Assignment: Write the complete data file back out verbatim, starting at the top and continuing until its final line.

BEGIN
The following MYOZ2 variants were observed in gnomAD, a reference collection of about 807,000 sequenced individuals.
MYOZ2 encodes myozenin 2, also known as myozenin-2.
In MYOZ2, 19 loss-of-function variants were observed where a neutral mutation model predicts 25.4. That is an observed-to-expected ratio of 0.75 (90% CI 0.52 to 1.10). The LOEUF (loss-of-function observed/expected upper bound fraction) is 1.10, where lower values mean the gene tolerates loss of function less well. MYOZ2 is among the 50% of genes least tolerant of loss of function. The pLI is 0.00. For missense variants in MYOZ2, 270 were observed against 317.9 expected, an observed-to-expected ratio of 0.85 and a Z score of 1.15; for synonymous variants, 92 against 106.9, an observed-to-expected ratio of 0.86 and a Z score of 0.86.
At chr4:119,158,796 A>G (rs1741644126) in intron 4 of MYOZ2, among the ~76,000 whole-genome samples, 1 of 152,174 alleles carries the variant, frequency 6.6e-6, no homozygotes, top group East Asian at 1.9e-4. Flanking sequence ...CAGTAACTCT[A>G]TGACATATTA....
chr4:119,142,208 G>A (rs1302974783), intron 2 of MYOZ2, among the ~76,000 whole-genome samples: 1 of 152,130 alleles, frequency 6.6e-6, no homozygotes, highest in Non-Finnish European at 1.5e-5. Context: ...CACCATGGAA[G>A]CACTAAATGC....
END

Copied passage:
The following MYOZ2 variants were observed in gnomAD, a reference collection of about 807,000 sequenced individuals.
MYOZ2 encodes myozenin 2, also known as myozenin-2.
In MYOZ2, 19 loss-of-function variants were observed where a neutral mutation model predicts 25.4. That is an observed-to-expected ratio of 0.75 (90% CI 0.52 to 1.10). The LOEUF (loss-of-function observed/expected upper bound fraction) is 1.10, where lower values mean the gene tolerates loss of function less well. MYOZ2 is among the 50% of genes least tolerant of loss of function. The pLI is 0.00. For missense variants in MYOZ2, 270 were observed against 317.9 expected, an observed-to-expected ratio of 0.85 and a Z score of 1.15; for synonymous variants, 92 against 106.9, an observed-to-expected ratio of 0.86 and a Z score of 0.86.
At chr4:119,158,796 A>G (rs1741644126) in intron 4 of MYOZ2, among the ~76,000 whole-genome samples, 1 of 152,174 alleles carries the variant, frequency 6.6e-6, no homozygotes, top group East Asian at 1.9e-4. Flanking sequence ...CAGTAACTCT[A>G]TGACATATTA....
chr4:119,142,208 G>A (rs1302974783), intron 2 of MYOZ2, among the ~76,000 whole-genome samples: 1 of 152,130 alleles, frequency 6.6e-6, no homozygotes, highest in Non-Finnish European at 1.5e-5. Context: ...CACCATGGAA[G>A]CACTAAATGC....